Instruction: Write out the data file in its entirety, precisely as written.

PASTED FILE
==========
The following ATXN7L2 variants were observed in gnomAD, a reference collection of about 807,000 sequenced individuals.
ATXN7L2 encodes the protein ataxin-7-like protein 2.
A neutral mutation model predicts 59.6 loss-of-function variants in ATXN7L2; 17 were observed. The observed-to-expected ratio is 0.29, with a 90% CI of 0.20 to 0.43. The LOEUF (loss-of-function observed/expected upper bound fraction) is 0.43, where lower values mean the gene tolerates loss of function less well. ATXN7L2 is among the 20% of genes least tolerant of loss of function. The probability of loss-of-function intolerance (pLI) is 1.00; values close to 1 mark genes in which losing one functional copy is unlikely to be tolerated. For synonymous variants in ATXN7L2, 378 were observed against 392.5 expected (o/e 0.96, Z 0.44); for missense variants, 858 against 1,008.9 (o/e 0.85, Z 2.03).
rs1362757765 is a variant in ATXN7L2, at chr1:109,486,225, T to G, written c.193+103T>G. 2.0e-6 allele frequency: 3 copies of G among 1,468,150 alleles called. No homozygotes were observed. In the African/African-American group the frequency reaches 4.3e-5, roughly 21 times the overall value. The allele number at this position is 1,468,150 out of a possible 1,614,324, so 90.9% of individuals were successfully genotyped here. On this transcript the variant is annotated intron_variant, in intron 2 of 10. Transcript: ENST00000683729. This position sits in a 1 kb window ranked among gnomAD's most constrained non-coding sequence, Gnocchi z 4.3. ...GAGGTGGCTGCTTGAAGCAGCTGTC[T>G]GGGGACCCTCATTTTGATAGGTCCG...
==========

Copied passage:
The following ATXN7L2 variants were observed in gnomAD, a reference collection of about 807,000 sequenced individuals.
ATXN7L2 encodes the protein ataxin-7-like protein 2.
A neutral mutation model predicts 59.6 loss-of-function variants in ATXN7L2; 17 were observed. The observed-to-expected ratio is 0.29, with a 90% CI of 0.20 to 0.43. The LOEUF (loss-of-function observed/expected upper bound fraction) is 0.43, where lower values mean the gene tolerates loss of function less well. ATXN7L2 is among the 20% of genes least tolerant of loss of function. The probability of loss-of-function intolerance (pLI) is 1.00; values close to 1 mark genes in which losing one functional copy is unlikely to be tolerated. For synonymous variants in ATXN7L2, 378 were observed against 392.5 expected (o/e 0.96, Z 0.44); for missense variants, 858 against 1,008.9 (o/e 0.85, Z 2.03).
rs1362757765 is a variant in ATXN7L2, at chr1:109,486,225, T to G, written c.193+103T>G. 2.0e-6 allele frequency: 3 copies of G among 1,468,150 alleles called. No homozygotes were observed. In the African/African-American group the frequency reaches 4.3e-5, roughly 21 times the overall value. The allele number at this position is 1,468,150 out of a possible 1,614,324, so 90.9% of individuals were successfully genotyped here. On this transcript the variant is annotated intron_variant, in intron 2 of 10. Transcript: ENST00000683729. This position sits in a 1 kb window ranked among gnomAD's most constrained non-coding sequence, Gnocchi z 4.3. ...GAGGTGGCTGCTTGAAGCAGCTGTC[T>G]GGGGACCCTCATTTTGATAGGTCCG...